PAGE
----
The institution of Lords has for its object the creation of a high and reverend class; well, a man looks up to them with awe or expresses his reverence and forthwith finds himself accused! Get rid of Lords by all means, if you think there should be none, but do not come pestering me with a rule that no Lord shall be considered while you are making them by the bushel for the special purpose of being considered—ad considerandum as Quintillian has it in his highly Quintillianarian essay on I forget what.

I have heard it said that what is blamed in snobs, snobinibus quid reatumst, is not the matter but the manner of their worship. Those who will have it so maintain that we should pay to rank a certain discreet respect which must not be marred by crude expression. They compare snobbishness to immodesty, and profess that the pleasure of acquaintance with the great should be so enjoyed that the great themselves are but half-conscious of the homage offered them: this is rather a subtle and finicky critique of what is in honest minds a natural restraint.

I knew a man once—Chatterley was his name, Shropshire his county, and racing his occupation—who said that a snob was blamed for the offence he gave to Lords themselves. Thus we do well (said this man Chatterley) to admire beautiful women, but who would rush into a room and exclaim loudly at the ladies it contained? So (said this man Chatterley) is it with Lords, whom we should never forget, but whom we should not disturb by violent affection or by too persistent a pursuit.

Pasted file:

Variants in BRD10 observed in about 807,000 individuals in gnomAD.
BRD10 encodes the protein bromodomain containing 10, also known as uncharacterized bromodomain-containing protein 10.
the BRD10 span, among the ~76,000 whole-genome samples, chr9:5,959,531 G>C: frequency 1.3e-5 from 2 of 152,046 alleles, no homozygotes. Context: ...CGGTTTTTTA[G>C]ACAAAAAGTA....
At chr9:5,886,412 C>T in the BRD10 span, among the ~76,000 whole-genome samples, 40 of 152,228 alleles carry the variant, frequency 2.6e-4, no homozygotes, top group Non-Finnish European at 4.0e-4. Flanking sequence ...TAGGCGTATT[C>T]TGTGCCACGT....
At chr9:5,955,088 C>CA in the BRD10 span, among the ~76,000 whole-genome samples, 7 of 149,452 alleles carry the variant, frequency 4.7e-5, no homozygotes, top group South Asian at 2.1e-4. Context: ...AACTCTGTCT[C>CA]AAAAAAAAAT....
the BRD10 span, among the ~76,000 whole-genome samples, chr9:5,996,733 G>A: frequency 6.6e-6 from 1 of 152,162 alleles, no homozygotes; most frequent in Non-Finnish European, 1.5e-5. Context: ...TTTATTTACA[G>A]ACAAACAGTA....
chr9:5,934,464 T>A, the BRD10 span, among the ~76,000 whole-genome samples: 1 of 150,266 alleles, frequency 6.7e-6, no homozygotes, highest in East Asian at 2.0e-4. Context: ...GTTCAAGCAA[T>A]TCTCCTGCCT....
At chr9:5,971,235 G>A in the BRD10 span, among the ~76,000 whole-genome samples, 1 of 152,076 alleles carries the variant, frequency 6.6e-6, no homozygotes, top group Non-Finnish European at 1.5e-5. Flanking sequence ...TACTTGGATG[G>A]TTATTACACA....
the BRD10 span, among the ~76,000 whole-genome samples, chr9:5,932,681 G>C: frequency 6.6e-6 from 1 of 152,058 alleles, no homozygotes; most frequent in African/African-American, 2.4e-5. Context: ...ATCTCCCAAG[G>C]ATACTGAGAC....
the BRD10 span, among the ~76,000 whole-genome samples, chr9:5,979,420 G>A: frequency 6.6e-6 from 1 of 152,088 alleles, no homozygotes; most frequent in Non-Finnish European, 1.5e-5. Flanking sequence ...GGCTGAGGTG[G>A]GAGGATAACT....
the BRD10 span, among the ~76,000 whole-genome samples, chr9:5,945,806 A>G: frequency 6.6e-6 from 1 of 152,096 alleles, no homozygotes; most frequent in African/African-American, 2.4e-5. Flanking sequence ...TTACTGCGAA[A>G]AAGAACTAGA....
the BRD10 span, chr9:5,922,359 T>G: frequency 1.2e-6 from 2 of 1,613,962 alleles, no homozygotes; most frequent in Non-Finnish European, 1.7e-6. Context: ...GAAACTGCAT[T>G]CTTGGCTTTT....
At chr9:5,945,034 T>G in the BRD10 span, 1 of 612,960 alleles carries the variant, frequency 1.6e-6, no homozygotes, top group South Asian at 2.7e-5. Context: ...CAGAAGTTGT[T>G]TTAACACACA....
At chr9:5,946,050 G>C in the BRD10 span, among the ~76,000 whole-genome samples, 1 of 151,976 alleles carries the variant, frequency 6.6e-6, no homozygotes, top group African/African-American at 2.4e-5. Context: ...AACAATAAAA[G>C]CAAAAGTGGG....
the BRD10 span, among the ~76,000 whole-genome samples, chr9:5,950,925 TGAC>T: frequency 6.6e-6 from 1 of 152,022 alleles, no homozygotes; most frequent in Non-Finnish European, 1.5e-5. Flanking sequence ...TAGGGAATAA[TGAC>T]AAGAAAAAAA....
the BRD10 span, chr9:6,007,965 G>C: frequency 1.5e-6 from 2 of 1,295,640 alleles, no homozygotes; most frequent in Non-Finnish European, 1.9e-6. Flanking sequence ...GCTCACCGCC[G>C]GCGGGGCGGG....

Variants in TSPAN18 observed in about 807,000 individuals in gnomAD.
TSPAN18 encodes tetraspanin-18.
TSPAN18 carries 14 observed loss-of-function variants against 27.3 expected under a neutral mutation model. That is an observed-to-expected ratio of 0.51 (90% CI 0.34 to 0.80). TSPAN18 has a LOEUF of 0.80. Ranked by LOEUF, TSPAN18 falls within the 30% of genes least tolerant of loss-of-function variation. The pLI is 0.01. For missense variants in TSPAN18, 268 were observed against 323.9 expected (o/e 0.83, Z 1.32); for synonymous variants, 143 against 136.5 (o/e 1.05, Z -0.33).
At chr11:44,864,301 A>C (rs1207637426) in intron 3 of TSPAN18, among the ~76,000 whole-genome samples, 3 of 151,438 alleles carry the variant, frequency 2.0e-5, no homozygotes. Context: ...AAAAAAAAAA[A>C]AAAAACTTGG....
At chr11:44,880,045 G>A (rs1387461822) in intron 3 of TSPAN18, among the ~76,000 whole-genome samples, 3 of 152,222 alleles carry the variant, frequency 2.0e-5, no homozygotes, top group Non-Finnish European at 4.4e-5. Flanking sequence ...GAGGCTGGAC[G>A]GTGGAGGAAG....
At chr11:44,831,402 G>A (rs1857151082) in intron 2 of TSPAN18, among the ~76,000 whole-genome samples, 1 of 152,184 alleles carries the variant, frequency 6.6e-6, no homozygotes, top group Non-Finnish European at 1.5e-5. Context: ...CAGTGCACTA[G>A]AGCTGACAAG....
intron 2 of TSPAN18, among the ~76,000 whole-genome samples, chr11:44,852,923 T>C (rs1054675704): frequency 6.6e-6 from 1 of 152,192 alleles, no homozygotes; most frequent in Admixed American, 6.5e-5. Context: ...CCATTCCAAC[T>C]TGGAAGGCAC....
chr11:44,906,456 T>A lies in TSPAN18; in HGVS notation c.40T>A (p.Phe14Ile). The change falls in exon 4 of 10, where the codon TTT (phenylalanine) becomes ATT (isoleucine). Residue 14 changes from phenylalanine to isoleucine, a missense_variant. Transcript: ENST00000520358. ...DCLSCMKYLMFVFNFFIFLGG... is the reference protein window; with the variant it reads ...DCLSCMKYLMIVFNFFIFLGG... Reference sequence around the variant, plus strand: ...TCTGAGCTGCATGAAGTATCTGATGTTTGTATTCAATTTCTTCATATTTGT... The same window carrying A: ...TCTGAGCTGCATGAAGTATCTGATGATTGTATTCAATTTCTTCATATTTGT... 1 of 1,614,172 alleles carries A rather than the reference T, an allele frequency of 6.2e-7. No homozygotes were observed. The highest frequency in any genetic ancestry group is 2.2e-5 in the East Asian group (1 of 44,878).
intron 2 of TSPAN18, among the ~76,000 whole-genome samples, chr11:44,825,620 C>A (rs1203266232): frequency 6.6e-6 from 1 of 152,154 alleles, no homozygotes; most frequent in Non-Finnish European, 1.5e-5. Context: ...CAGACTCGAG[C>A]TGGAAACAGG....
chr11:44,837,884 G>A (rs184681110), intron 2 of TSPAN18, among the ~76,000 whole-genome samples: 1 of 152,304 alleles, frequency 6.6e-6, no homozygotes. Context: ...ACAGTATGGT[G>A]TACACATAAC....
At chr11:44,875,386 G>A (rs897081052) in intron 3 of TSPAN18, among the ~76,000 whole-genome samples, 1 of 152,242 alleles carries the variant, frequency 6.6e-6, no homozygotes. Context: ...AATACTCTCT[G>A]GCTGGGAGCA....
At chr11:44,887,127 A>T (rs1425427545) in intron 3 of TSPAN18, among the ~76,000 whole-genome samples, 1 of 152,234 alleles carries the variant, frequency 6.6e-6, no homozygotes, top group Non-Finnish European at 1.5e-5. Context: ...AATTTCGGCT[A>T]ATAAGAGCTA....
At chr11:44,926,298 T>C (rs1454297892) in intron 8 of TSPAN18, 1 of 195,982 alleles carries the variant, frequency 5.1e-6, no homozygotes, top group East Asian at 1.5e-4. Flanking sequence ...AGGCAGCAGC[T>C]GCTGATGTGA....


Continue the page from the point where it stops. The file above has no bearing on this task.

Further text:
Then there was a nasty drunken chap down Wapping way who had seen better days; he had views on dozens of things and they were often worth listening to, and one of his fads was to be for ever preaching that the whole social position of an aristocracy resided in a veil of illusion, and that hands laid too violently on this veil would tear it. It was only by a sort of hypnotism, he said, that we regarded Lords as separate from ourselves. It was a dream, and a rough movement would wake one out of it. Snobbishness (he said) did violence to this sacred film of faith and might shatter it, and hence (he pointed out) was especially hated by Lords themselves. It was interesting to hear as a theory and delivered in those surroundings, but it is exploded at once by the first experience of High Life and its solid realities.

There is yet another view that to seek after acquaintance with men of position in some way hurts one's own soul, and that to strain towards our superiors, to mingle our society with their own, is unworthy, because it is destructive of something peculiar to ourselves. But surely there is implanted in man an instinct which leads him to all his noblest efforts and which is, indeed, the motive force of religion, the instinct by which he will ever seek to attain what he sees to be superior to him and more worthy than the things of his common experience. It seems to be proper, therefore, that no man should struggle against the very natural attraction which radiates from superior rank, and I will boldly affirm that he does his country a good service who submits to this force.